About Sustainability - Corporate Sustainability | Ulster Bank


About Sustainability

We are committed to building a sustainable bank. By this, we mean a financially sound bank that serves all our customers, and contributes strongly to our economy, society, and our communities. Balancing our business decisions by taking account of the interests of our many stakeholders is important in building a good business based on trust, and these pages outline the steps we are taking to make that happen.

At Ulster Bank, Sustainability is more than just a concept. It’s the foundation of how we are reshaping our business, to build a bank that is financially solid, focused on our customers and trusted by our stakeholders. It’s about our commitment to supporting businesses and enabling economic growth. It’s about being open and transparent. Building a sustainable business also means being a force for good in the communities where we operate.

Add your signposting title here… Sustainable Business Principles

Our Sustainable business principles are a public record of our commitment to operating to the highest standards. Embedding these principles in how we run our business is a continuing process.

Sustainability Priorities


Balancing our own needs with the interests of our many stakeholders is important in building a trusted business. At Ulster Bank, we work to address the issues that matter most to our stakeholders. Through direct investment, through a partnership approach and through the skills and expertise of our people, we can influence many of these issues in a positive way.

Simple Fairer Banking

Banking that is customer focused, open and transparent.

Protecting our environment

Working to sustainable environmental codes and principles.

Promoting financial education

Empowering the next generation to take control of their own financial future.

Supporting our communities

Our community programmes, supporting and investing in grassroots community initiatives, charitable giving and supporting employee involvement.

Valuing our people

Investing in our people to ensure they can develop their talents, and be committed to serving our customers well.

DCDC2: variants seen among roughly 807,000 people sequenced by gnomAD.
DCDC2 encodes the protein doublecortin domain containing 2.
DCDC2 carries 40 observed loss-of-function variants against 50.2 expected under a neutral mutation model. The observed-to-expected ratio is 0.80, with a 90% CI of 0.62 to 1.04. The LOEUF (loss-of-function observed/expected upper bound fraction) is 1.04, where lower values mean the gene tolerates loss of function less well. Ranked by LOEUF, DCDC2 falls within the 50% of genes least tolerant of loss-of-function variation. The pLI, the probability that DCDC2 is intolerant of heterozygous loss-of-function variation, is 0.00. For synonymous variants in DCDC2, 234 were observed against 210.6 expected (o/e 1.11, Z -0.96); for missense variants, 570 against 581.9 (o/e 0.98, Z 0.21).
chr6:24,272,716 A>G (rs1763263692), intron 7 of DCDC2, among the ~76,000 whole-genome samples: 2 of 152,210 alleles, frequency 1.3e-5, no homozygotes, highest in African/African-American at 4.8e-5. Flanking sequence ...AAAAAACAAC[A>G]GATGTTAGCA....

Supporting Enterprise and Innovation

Developing business supports to enable SMEs and entrepreneurs to drive and develop the economy, creating jobs and stability.

Stakeholder Issues


Our stakeholders include customers, employees, the media, consumer groups, trade bodies, regulators and public representatives. Regular discussions take place with all of these groups, so that we have an opportunity to hear their views, and be open and transparent about the requirements of running a major bank today.


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Business organisations, politicians and the media have continued to challenge the banking sector over levels of lending to business, and support for small businesses. Our own stakeholder discussions also underline the importance of this. We are committed to supporting economic growth through prudent lending, and through providing a range of support programmes for start-ups, SMEs and social enterprises.


Icon expand Fees and charges

Account fees and overdraft charging levels are regularly raised as an issue by customers, consumer groups and media commentators. We recently introduced new fees on our current accounts, and have worked to keep these fees transparent, simple and clear. We’re also doing more to help customers avoid fees in the first place through initiatives such as text alerts to customers when their balance reaches a set pre-agreed level.


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We share with many of our stakeholders a strong commitment to supporting financial education.

This is reflected in our ongoing investment over the past 10 years in MoneySense - now the most-widely used resource in Ireland and Northern Ireland for teaching young people about money matters. In 2015 we launched our new updated MoneySense programme https://mymoneysense.com/ with resources tailored to the needs of young people from ages 5 up to 18.


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Many stakeholders, including consumer organisations and debt advice agencies, as well as public representatives, continue to raise a number of concerns in relation to issues such as branch closures, access to in-branch cash services, ATM availability, and access to mainstream banking for consumers without bank accounts. We are taking these challenges seriously.  While we closed a number of branches during 2015, we put in place alternative banking services for our customers through over 1500 Post Office outlets island-wide and extended our Bank on Wheels facilities to cover 12 rural communities.  We will continue to make every effort to ensure our services are accessible to our customers in their local communities.


Icon expand Supporting local communities

Most people believe that banks should do more to reconnect with their local communities. They also believe, and we agree, that part of our role in the community is to support the efforts of voluntary and charitable organisations that are the lifeblood of our communities. Our charitable Giving Schemes and local community partnerships mean that Ulster Bank has a strong culture of employee community involvement, which runs alongside our sponsorship support for local sport and the arts.


Icon expand Environmental impacts

Climate change, and the impact of all businesses, including banks, continues to be a concern for many. While our sector is not energy-intensive, we are focused on reducing our carbon footprint and have a number of measures in place to drive down energy usage wherever possible.

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